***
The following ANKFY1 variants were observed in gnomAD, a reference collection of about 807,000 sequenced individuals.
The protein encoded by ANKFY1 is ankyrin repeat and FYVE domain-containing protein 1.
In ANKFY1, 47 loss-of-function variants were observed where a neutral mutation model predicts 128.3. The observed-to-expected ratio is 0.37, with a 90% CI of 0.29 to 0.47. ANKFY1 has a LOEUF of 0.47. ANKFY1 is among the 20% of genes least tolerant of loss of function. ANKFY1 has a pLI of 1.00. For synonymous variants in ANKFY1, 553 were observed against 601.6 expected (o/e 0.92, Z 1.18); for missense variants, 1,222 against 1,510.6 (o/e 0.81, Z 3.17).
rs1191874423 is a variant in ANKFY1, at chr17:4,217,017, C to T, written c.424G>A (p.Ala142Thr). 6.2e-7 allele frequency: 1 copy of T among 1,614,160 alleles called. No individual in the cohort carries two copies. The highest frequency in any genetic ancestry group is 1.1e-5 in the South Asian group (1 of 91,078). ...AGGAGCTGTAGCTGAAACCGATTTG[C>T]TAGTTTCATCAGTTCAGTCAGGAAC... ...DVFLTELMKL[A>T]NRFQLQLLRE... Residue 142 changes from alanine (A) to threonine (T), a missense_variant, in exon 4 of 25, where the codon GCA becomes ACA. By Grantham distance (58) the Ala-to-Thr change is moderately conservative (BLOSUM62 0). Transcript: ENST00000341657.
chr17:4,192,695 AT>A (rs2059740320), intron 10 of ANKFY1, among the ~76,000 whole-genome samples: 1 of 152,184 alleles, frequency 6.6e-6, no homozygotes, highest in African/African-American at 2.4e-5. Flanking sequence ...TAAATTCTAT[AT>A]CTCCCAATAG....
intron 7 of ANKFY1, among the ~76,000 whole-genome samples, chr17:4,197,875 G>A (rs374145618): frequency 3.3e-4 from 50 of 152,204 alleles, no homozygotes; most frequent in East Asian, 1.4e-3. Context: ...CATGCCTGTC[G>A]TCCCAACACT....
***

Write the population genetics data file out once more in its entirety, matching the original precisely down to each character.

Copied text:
The following ANKFY1 variants were observed in gnomAD, a reference collection of about 807,000 sequenced individuals.
The protein encoded by ANKFY1 is ankyrin repeat and FYVE domain-containing protein 1.
In ANKFY1, 47 loss-of-function variants were observed where a neutral mutation model predicts 128.3. The observed-to-expected ratio is 0.37, with a 90% CI of 0.29 to 0.47. ANKFY1 has a LOEUF of 0.47. ANKFY1 is among the 20% of genes least tolerant of loss of function. ANKFY1 has a pLI of 1.00. For synonymous variants in ANKFY1, 553 were observed against 601.6 expected (o/e 0.92, Z 1.18); for missense variants, 1,222 against 1,510.6 (o/e 0.81, Z 3.17).
rs1191874423 is a variant in ANKFY1, at chr17:4,217,017, C to T, written c.424G>A (p.Ala142Thr). 6.2e-7 allele frequency: 1 copy of T among 1,614,160 alleles called. No individual in the cohort carries two copies. The highest frequency in any genetic ancestry group is 1.1e-5 in the South Asian group (1 of 91,078). ...AGGAGCTGTAGCTGAAACCGATTTG[C>T]TAGTTTCATCAGTTCAGTCAGGAAC... ...DVFLTELMKL[A>T]NRFQLQLLRE... Residue 142 changes from alanine (A) to threonine (T), a missense_variant, in exon 4 of 25, where the codon GCA becomes ACA. By Grantham distance (58) the Ala-to-Thr change is moderately conservative (BLOSUM62 0). Transcript: ENST00000341657.
chr17:4,192,695 AT>A (rs2059740320), intron 10 of ANKFY1, among the ~76,000 whole-genome samples: 1 of 152,184 alleles, frequency 6.6e-6, no homozygotes, highest in African/African-American at 2.4e-5. Flanking sequence ...TAAATTCTAT[AT>A]CTCCCAATAG....
intron 7 of ANKFY1, among the ~76,000 whole-genome samples, chr17:4,197,875 G>A (rs374145618): frequency 3.3e-4 from 50 of 152,204 alleles, no homozygotes; most frequent in East Asian, 1.4e-3. Context: ...CATGCCTGTC[G>A]TCCCAACACT....